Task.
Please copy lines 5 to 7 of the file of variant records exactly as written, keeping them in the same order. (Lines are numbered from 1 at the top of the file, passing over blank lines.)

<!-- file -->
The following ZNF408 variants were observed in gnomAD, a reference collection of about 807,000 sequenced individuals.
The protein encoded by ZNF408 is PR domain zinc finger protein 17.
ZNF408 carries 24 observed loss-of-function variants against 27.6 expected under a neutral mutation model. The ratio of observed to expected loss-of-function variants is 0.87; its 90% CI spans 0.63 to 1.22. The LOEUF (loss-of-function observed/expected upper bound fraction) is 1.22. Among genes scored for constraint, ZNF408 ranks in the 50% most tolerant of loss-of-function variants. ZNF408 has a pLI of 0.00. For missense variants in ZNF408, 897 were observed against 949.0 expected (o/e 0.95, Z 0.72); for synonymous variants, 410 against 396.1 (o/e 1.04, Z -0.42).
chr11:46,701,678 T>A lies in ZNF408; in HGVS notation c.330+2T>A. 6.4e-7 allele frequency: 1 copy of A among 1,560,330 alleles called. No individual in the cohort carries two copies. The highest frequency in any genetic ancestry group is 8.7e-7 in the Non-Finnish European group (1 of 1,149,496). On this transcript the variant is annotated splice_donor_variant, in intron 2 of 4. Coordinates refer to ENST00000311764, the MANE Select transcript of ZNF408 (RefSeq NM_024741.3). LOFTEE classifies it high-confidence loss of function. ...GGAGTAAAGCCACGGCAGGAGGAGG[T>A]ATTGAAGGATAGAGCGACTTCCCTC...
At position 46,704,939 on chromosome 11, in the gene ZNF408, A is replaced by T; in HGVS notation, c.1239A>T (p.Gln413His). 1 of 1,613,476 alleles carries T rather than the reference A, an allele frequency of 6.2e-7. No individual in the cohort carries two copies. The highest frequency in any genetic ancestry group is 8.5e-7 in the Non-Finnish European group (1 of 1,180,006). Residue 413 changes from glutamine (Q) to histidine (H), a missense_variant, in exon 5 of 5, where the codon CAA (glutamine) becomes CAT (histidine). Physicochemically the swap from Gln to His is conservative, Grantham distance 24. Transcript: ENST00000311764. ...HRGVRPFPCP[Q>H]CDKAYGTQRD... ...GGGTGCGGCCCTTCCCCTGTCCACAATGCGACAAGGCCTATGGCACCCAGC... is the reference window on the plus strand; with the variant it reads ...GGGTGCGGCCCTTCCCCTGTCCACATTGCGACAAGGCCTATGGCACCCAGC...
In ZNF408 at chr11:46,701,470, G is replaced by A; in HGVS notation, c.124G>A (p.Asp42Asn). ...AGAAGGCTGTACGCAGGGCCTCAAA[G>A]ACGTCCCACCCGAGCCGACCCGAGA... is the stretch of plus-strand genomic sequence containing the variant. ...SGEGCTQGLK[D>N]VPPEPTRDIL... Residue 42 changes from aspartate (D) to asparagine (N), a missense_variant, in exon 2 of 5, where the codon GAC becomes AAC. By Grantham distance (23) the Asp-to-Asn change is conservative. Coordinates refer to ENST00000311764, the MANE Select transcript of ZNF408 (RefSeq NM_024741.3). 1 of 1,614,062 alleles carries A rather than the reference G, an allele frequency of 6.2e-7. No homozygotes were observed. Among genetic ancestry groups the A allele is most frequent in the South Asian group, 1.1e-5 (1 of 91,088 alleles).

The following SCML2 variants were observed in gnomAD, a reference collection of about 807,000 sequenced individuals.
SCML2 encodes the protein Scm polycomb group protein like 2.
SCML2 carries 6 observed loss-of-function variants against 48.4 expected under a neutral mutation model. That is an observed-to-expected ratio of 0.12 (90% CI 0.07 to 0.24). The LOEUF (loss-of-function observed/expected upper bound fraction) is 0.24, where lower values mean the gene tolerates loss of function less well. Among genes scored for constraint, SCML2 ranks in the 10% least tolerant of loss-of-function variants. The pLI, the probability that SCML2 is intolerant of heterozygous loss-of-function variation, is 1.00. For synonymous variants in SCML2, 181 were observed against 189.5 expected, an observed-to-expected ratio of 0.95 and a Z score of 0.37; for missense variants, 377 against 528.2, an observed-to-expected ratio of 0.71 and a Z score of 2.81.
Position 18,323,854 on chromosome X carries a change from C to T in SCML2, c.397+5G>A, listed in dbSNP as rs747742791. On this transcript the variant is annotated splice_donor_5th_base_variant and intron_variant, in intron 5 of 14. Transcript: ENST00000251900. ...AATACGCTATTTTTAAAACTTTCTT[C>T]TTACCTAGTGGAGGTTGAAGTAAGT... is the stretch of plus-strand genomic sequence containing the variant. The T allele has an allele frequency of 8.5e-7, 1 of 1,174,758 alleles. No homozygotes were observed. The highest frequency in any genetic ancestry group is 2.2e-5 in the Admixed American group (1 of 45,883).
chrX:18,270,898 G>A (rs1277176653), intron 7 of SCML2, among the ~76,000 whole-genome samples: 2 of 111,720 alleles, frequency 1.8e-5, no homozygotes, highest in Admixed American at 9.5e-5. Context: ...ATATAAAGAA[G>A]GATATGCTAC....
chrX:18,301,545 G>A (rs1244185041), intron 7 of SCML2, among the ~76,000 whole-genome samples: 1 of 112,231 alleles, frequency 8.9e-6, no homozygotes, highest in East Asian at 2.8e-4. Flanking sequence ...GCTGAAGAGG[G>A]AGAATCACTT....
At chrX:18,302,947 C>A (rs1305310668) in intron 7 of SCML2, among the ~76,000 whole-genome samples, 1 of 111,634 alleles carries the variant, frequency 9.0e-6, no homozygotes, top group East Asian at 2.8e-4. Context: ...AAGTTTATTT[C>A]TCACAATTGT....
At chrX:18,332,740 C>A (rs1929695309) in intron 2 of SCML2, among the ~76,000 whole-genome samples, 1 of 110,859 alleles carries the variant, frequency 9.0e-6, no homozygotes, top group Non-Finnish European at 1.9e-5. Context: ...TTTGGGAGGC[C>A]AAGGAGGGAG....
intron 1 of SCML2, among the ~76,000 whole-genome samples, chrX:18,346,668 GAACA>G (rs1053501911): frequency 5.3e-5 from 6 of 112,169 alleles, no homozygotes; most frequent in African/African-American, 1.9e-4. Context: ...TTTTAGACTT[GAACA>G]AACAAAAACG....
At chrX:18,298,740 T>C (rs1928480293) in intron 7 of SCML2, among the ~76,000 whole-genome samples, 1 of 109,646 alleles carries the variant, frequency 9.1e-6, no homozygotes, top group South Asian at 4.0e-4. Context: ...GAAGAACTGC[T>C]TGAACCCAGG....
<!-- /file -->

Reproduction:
At position 46,704,939 on chromosome 11, in the gene ZNF408, A is replaced by T; in HGVS notation, c.1239A>T (p.Gln413His). 1 of 1,613,476 alleles carries T rather than the reference A, an allele frequency of 6.2e-7. No individual in the cohort carries two copies. The highest frequency in any genetic ancestry group is 8.5e-7 in the Non-Finnish European group (1 of 1,180,006). Residue 413 changes from glutamine (Q) to histidine (H), a missense_variant, in exon 5 of 5, where the codon CAA (glutamine) becomes CAT (histidine). Physicochemically the swap from Gln to His is conservative, Grantham distance 24. Transcript: ENST00000311764. ...HRGVRPFPCP[Q>H]CDKAYGTQRD... ...GGGTGCGGCCCTTCCCCTGTCCACAATGCGACAAGGCCTATGGCACCCAGC... is the reference window on the plus strand; with the variant it reads ...GGGTGCGGCCCTTCCCCTGTCCACATTGCGACAAGGCCTATGGCACCCAGC...
In ZNF408 at chr11:46,701,470, G is replaced by A; in HGVS notation, c.124G>A (p.Asp42Asn). ...AGAAGGCTGTACGCAGGGCCTCAAA[G>A]ACGTCCCACCCGAGCCGACCCGAGA... is the stretch of plus-strand genomic sequence containing the variant. ...SGEGCTQGLK[D>N]VPPEPTRDIL... Residue 42 changes from aspartate (D) to asparagine (N), a missense_variant, in exon 2 of 5, where the codon GAC becomes AAC. By Grantham distance (23) the Asp-to-Asn change is conservative. Coordinates refer to ENST00000311764, the MANE Select transcript of ZNF408 (RefSeq NM_024741.3). 1 of 1,614,062 alleles carries A rather than the reference G, an allele frequency of 6.2e-7. No homozygotes were observed. Among genetic ancestry groups the A allele is most frequent in the South Asian group, 1.1e-5 (1 of 91,088 alleles).

The following SCML2 variants were observed in gnomAD, a reference collection of about 807,000 sequenced individuals.